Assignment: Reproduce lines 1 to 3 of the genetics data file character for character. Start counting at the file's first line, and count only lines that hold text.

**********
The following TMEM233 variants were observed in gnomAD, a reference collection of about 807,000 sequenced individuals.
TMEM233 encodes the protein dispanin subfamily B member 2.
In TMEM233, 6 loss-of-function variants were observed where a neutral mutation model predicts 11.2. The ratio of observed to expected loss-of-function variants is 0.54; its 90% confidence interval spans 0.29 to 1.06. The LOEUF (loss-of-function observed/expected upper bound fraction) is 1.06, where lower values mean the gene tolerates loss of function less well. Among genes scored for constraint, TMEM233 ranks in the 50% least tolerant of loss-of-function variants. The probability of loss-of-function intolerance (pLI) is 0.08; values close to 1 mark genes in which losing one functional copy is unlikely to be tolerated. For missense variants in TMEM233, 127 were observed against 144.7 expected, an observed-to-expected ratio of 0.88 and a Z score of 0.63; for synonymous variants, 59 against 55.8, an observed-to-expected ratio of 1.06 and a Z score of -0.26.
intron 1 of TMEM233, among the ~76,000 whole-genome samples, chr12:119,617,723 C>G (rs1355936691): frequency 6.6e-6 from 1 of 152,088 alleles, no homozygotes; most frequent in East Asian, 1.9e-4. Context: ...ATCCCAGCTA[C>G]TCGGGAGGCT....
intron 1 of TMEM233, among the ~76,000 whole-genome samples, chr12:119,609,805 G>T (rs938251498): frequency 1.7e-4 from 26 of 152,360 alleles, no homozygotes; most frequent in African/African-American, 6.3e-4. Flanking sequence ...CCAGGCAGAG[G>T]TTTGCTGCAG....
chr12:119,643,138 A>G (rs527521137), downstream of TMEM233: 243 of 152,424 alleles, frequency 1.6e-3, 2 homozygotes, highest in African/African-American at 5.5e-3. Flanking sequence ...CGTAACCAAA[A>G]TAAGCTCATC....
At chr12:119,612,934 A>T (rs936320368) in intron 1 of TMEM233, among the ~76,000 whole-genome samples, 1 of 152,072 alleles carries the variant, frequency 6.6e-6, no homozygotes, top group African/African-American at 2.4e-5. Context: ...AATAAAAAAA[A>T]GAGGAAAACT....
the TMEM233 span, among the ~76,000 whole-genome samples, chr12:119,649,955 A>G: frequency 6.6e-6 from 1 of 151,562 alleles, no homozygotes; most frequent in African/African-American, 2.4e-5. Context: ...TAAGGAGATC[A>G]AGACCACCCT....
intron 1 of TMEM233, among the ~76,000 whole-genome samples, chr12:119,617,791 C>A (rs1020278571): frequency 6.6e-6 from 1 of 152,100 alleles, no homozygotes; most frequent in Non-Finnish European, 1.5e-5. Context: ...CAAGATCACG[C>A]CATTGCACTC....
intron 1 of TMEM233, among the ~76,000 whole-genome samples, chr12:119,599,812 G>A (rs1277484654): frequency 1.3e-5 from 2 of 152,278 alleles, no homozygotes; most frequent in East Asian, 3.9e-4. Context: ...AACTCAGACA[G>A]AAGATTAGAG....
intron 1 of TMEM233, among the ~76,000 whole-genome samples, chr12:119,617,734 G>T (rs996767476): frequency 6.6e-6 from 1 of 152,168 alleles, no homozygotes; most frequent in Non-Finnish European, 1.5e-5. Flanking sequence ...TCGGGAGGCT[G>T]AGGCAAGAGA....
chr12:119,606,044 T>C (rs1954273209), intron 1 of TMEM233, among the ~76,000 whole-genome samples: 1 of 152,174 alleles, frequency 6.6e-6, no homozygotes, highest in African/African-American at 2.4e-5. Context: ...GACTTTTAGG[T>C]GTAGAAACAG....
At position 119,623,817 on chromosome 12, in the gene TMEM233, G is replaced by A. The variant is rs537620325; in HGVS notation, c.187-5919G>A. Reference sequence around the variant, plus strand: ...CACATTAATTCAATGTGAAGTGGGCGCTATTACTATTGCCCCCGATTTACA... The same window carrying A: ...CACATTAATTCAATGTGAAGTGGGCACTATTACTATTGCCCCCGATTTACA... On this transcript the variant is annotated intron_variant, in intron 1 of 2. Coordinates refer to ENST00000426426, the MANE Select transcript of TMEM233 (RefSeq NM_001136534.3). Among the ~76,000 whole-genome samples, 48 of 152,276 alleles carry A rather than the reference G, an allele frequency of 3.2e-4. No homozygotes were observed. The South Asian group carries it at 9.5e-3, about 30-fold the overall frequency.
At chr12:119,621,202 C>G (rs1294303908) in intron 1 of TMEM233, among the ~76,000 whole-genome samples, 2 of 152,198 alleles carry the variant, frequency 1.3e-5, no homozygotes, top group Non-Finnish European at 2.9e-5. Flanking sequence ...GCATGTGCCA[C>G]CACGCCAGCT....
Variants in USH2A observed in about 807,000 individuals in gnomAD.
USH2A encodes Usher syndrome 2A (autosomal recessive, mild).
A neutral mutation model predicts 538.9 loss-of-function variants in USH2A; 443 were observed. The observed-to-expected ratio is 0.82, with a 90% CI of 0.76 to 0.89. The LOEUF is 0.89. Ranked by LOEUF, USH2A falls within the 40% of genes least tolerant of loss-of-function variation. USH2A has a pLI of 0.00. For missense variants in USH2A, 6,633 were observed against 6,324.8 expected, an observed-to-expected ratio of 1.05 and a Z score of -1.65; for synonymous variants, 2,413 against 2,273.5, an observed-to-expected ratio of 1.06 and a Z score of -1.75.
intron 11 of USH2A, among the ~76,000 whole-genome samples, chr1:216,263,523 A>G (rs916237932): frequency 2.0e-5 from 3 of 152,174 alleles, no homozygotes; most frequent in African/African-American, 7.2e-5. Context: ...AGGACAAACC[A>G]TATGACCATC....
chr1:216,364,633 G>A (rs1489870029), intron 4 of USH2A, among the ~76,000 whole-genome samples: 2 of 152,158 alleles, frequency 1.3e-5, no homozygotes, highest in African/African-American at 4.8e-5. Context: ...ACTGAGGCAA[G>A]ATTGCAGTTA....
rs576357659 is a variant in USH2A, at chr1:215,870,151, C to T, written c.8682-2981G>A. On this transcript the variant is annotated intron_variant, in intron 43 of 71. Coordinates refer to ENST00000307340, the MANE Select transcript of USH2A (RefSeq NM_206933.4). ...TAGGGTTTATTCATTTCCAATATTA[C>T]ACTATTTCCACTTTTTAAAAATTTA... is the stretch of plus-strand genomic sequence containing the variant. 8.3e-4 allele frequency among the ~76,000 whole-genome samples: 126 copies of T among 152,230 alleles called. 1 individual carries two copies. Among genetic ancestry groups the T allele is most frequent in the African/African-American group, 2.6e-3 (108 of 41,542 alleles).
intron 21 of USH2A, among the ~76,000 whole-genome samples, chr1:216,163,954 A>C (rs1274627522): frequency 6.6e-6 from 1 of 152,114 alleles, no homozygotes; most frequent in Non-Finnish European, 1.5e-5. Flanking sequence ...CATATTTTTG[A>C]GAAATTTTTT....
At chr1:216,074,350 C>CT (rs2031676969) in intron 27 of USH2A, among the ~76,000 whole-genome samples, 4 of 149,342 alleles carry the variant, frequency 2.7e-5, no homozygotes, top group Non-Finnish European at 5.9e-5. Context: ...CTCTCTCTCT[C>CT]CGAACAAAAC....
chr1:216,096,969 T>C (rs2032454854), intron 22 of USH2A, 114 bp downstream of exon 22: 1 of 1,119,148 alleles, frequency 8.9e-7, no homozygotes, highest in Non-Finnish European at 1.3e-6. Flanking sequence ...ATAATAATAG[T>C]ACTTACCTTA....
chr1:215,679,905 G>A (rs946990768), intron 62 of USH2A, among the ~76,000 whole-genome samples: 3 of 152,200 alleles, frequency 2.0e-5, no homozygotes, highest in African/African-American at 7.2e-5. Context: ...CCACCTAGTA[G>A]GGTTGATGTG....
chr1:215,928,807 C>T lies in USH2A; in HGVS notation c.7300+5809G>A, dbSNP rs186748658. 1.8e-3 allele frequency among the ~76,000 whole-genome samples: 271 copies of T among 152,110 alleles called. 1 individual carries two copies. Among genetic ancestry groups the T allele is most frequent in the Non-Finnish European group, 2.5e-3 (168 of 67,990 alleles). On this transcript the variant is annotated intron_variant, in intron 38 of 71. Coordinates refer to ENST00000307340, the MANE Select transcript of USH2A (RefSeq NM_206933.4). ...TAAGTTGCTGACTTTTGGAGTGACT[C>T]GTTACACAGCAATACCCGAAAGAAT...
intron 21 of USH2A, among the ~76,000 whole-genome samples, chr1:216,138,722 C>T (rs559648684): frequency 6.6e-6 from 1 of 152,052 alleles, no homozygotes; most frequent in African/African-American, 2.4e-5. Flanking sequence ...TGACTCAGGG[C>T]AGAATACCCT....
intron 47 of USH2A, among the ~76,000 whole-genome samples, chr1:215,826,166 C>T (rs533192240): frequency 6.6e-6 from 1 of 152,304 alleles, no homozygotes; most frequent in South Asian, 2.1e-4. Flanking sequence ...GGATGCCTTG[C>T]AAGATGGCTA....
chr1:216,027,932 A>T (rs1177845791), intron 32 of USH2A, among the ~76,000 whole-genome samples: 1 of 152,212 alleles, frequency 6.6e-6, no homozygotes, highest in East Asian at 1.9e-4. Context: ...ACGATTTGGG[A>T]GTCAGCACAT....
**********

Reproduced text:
The following TMEM233 variants were observed in gnomAD, a reference collection of about 807,000 sequenced individuals.
TMEM233 encodes the protein dispanin subfamily B member 2.
In TMEM233, 6 loss-of-function variants were observed where a neutral mutation model predicts 11.2. The ratio of observed to expected loss-of-function variants is 0.54; its 90% confidence interval spans 0.29 to 1.06. The LOEUF (loss-of-function observed/expected upper bound fraction) is 1.06, where lower values mean the gene tolerates loss of function less well. Among genes scored for constraint, TMEM233 ranks in the 50% least tolerant of loss-of-function variants. The probability of loss-of-function intolerance (pLI) is 0.08; values close to 1 mark genes in which losing one functional copy is unlikely to be tolerated. For missense variants in TMEM233, 127 were observed against 144.7 expected, an observed-to-expected ratio of 0.88 and a Z score of 0.63; for synonymous variants, 59 against 55.8, an observed-to-expected ratio of 1.06 and a Z score of -0.26.